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Climate change, a constant battle

Before a pandemic struck, Australia’s bushfires set alarms bells ringing. They haven’t stopped.

Canberra, 5 January 2020 (Daniiielc/Getty Images)
Canberra, 5 January 2020 (Daniiielc/Getty Images)

2020 had a whole lot up its sleeve. When the year started, there was one big, burning issue in Australia: the bushfires ripping through swaths of countryside, torching towns and choking cities with smoke.

Alex Oliver, Lowy’s Director of Research, had a close encounter during what was supposed to be a coastal holiday:

There has been a seeming reluctance at a federal level to link the fires, and the drought which preceded them, directly to climate change or Australia’s climate policy … In the context of this fire crisis, this stance risks inflaming tensions among the more than half of Australians (according to Lowy Institute and other polling) who see climate change as a serious and pressing problem and who seek stronger action from government.

Matt McDonald flagged the opportunity to address climate change and national security together:

Recognising the security implications of climate change means long-term preparedness and planning to manage its effects … and mitigation action across all of government and society to minimise the threat itself. This is the international model, and its embrace by a range of states suggests momentum is building behind comprehensive approaches to climate security. But like its climate policy more broadly, Australia lags far behind.

Covid-19 snapped our attention to a different kind of crisis, but the Lowy Institute’s Noah Yim and Natasha Kassam saw the connection:

Will the post-Covid world see our rekindled respect for scientific fact, bipartisanship, and a more robust social contract help us confront climate change? Or will crippling economic burdens and hard borders see more isolationism and environmental destruction for short-term economic benefit?

Matt McDonald returned to look at the ways in which confronting climate change is even more difficult than handling the Covid-19 crisis:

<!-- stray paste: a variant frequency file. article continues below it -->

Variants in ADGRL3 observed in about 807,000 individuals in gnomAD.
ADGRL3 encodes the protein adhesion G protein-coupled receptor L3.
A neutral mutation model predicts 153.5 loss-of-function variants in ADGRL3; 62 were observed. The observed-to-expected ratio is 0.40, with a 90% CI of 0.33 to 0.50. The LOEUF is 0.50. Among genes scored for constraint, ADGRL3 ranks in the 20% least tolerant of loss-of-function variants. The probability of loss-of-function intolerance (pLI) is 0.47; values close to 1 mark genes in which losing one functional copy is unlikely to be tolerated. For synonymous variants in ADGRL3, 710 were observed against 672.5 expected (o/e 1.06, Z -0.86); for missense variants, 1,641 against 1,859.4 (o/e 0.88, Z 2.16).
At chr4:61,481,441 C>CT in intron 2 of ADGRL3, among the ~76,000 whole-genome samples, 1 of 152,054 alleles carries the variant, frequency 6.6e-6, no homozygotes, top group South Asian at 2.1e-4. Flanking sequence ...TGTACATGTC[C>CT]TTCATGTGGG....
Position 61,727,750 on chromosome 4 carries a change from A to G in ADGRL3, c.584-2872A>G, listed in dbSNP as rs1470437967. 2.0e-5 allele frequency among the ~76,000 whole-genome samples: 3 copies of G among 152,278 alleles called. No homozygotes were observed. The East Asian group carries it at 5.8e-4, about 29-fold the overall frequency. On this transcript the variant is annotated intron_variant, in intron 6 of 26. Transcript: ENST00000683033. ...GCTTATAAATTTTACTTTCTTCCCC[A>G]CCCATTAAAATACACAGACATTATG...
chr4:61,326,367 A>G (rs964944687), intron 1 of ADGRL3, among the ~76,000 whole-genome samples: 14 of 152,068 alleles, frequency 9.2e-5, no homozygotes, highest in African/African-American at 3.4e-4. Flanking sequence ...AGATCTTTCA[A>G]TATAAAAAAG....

A return to something approaching life as normal beyond Covid-19 seems possible. Sacrifices are politically easier to sell if it looks like a “for now” scenario, with effective measures in place and the chance of a vaccine on the horizon. That won’t be the case with climate, where we’ll likely be facing a world that has changed irrevocably.

At the same time, the pandemic had a notable impact on how Australians viewed other issues. Bec Strating wrote on “Australia’s shifting mood on climate change”:

The 2020 Lowy Poll, which was conducted just as states began going into lockdown, highlights the ways in which environmental issues have been hijacked by Covid-19 and its global economic implications, at least in the short term.

Steven Paget examined the approach of New Zealand and how its Defence Force has engaged in addressing climate change:

Events in New Zealand, including the 2016 Kaikoura earthquake, and further afield, such as Tropical Cyclone Winston in the same year, have demonstrated the importance of regional humanitarian assistance and disaster relief capability. The Australian bushfires presented a different type of challenge, and the ADF played a supporting role because they are not trained firefighters. The ADF demonstrated, nevertheless, the adaptability of military forces in dealing with humanitarian and disaster relief operations. They also, arguably, vindicated decisions outlined in New Zealand’s Defence Capability Plan 2019.

In the Pacific Islands, the climate crisis is driving people from their homes. Jane McAdam of UNSW and Lowy’s Jonathan Pryke outlined how Australia can better support the region:

By enhancing mobility for Pacific peoples – by offering more opportunities for temporary movement, circular movement, long-term residence and permanent settlement – Australia could simultaneously foster mutually beneficial economic opportunities, provide a release valve for communities facing demographic, environmental and financial challenges, and reduce vulnerability to the impacts of disasters and climate change in Pacific countries. 

Shifting public perceptions of climate change is a different matter altogether. Bec Colvin weighed the odds on “changing the narrative on climate change”:

For many people, climate narratives are far less connected to appraisal of the science of climate change than they are to expressing social belonging in relation to climate change. We are not ideological partisans – we are expressive partisans seeking belonging and coherence with our identity group and cultivating points of hostility to and difference from outsiders.

The bottom line, of course, is always the bottom line. Jeffery Lau made the case for “going all-in on renewables”:

In an economy reeling from the Covid-19 pandemic, developing a globally competitive renewable-energy industry could lead to the creation of many long-term jobs. Just as a single Tesla Gigafactory in Nevada brought 7000 jobs and more than US$6 billion in capital, retooling old manufacturing hubs to build high-technology products could revitalise Australia’s regional centres.

A year from now, things are sure to look very different. See you then.

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